Thousands of military and civilian intelligence analysts are “overwhelmed” by the amount of video being recorded over the battlefield.  These analysts watch the video, looking for abnormal activities.  Right now, about 95 percent of the video shot by drone aircraft is from the campaign against ISIS in Iraq and Syria.

GAO – Internet of Things: Status and implications of an increasingly connected world
by Sabrina I. Pacifici on May 15, 2017
Technology Assessment: Internet of Things: Status and implications of an increasingly connected world, GAO-17-75: Published: May 15, 2017.  Publicly Released: May 15, 2017.

Question: Is there already a public transit App for Denver and I just missed it?  If not, why not?  I’d like to know if the bus will be here in one minute or I just missed it and the next one won’t be here for a half hour. 
Uber app to display real-time public transit data so you can easily combine modes of transport
   For this feature — available only in the Android Uber app for now — the ride-hailing giant has teamed up with Transit, a Canadian-headquartered urban transport information service that operates in more than 125 cities globally, to show live departure times whenever a rider’s destination is near a transit stop.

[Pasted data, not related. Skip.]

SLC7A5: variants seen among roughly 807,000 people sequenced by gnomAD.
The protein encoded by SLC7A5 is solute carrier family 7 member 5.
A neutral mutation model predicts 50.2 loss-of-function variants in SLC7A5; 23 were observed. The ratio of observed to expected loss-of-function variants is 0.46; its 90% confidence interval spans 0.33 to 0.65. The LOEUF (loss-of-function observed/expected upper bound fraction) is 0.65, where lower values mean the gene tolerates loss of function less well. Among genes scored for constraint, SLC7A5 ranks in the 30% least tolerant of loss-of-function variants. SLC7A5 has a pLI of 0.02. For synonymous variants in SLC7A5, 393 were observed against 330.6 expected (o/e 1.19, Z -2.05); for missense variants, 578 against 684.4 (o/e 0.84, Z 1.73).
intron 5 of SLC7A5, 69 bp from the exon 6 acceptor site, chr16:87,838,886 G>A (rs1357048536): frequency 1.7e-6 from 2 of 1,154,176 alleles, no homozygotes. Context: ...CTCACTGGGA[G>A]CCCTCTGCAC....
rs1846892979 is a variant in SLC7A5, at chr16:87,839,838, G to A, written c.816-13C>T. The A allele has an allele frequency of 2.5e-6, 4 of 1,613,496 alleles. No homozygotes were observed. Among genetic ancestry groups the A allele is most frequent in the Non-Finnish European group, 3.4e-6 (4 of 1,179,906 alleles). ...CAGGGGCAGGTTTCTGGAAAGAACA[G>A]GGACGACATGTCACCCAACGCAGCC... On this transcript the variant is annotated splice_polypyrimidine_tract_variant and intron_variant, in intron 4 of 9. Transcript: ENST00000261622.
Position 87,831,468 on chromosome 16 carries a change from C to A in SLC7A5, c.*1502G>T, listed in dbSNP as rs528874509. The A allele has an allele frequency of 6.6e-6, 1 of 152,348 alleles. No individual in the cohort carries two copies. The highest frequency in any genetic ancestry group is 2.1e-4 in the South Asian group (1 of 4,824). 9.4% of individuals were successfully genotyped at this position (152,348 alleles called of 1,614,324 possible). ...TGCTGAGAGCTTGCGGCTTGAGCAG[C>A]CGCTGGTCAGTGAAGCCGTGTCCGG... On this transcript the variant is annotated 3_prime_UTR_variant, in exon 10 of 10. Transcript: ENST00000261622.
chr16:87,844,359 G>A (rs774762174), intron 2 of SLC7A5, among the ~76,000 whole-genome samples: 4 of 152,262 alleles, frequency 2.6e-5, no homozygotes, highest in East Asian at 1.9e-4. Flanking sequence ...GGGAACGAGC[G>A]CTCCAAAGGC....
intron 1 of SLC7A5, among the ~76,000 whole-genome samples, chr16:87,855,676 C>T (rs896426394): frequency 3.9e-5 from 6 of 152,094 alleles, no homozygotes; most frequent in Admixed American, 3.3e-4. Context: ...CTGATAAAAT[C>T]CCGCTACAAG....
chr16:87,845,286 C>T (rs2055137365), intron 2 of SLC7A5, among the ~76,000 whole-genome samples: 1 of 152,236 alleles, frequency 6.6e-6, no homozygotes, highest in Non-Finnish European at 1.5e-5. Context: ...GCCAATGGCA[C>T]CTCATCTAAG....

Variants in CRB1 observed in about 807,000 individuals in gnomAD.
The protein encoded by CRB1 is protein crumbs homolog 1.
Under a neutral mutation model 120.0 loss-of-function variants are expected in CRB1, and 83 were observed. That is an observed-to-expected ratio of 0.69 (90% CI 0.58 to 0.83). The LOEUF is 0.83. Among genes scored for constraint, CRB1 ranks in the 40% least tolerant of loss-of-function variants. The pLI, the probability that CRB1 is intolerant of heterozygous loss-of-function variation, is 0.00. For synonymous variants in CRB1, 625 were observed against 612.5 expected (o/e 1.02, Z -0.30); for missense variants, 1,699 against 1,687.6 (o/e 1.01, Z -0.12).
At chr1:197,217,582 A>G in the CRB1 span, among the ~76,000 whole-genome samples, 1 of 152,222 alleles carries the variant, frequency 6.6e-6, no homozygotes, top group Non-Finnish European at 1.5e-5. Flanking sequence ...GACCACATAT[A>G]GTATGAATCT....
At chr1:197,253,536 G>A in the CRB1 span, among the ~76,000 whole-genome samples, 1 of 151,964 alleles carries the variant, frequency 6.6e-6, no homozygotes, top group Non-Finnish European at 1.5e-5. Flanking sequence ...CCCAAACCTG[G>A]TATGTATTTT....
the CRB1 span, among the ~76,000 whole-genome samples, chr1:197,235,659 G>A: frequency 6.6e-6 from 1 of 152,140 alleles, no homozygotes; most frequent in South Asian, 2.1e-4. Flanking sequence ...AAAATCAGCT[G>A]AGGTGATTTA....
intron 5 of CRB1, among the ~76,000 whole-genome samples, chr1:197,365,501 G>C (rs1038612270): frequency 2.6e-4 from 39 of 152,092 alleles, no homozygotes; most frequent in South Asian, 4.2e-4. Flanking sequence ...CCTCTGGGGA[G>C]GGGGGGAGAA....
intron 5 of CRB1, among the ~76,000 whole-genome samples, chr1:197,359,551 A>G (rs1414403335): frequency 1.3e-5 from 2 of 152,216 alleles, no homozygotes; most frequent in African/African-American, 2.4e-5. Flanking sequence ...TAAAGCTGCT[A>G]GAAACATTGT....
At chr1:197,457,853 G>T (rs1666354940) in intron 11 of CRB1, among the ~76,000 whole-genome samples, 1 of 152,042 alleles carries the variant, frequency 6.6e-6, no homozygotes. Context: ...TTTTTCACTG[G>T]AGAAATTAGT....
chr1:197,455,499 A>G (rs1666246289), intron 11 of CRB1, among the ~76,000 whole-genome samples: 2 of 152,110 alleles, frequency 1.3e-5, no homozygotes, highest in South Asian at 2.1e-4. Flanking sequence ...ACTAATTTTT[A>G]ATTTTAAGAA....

Tapping on a specific departure will take the user to the Transit app for full directions, service information, and so on.
While this may seem like a counterintuitive move for Uber, given that it seems to be encouraging riders to use alternative transport, Uber is actually acknowledging the ways people already use its service.  They may take an Uber car to a train station to travel a significant distance and then walk or jump into another Uber when their train reaches its destination.  So this is Uber providing an element of conveniences to its users — it saves them having to continuously switch between the Uber app and other transport data services.

Something for my entrepreneurs to consider.
Why Amazon Is Leaving Legacy Retailers in the Dust
   “Their model is [that] the product is almost a commodity,” Kahn notes.  “They can control those products, but what they’re differentiating on is the retail experience and technology.  So, they take out all the pain points in shopping, and they lock you in. Amazon Prime is the perfect example.”